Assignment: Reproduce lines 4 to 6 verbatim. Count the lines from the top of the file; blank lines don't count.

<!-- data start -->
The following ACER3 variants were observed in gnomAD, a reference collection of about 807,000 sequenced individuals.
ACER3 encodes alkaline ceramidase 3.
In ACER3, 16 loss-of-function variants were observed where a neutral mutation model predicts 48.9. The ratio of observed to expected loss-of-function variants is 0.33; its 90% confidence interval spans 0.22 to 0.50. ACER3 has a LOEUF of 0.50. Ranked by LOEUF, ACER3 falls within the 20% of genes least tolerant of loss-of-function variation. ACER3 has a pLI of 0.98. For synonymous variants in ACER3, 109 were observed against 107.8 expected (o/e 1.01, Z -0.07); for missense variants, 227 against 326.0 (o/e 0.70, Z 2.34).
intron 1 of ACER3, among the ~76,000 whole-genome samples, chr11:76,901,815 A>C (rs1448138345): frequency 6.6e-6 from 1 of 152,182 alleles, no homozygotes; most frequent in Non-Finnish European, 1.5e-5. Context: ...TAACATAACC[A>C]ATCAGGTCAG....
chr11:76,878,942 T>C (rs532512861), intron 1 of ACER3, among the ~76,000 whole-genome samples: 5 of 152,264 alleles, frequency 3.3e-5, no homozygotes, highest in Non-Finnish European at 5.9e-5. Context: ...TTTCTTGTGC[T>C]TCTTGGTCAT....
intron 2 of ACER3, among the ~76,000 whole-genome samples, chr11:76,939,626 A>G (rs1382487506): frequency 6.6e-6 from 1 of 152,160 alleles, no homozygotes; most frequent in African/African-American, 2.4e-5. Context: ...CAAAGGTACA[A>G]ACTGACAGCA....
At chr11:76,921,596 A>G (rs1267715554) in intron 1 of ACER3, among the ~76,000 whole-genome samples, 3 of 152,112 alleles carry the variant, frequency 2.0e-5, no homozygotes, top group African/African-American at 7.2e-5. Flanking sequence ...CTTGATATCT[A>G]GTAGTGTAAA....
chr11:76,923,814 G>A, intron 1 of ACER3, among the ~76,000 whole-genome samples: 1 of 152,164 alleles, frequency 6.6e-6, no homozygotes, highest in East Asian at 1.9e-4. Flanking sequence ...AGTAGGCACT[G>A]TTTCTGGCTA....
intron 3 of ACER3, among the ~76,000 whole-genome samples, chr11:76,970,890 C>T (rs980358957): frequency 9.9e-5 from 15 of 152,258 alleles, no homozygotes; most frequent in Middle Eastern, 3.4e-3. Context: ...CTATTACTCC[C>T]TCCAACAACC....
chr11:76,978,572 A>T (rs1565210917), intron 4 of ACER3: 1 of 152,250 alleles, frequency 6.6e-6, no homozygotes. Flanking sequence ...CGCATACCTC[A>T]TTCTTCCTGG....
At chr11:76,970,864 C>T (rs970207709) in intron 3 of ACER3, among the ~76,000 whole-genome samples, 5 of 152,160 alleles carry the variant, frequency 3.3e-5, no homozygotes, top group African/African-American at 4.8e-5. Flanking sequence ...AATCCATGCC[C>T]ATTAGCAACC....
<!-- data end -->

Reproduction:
intron 1 of ACER3, among the ~76,000 whole-genome samples, chr11:76,901,815 A>C (rs1448138345): frequency 6.6e-6 from 1 of 152,182 alleles, no homozygotes; most frequent in Non-Finnish European, 1.5e-5. Context: ...TAACATAACC[A>C]ATCAGGTCAG....
chr11:76,878,942 T>C (rs532512861), intron 1 of ACER3, among the ~76,000 whole-genome samples: 5 of 152,264 alleles, frequency 3.3e-5, no homozygotes, highest in Non-Finnish European at 5.9e-5. Context: ...TTTCTTGTGC[T>C]TCTTGGTCAT....
intron 2 of ACER3, among the ~76,000 whole-genome samples, chr11:76,939,626 A>G (rs1382487506): frequency 6.6e-6 from 1 of 152,160 alleles, no homozygotes; most frequent in African/African-American, 2.4e-5. Context: ...CAAAGGTACA[A>G]ACTGACAGCA....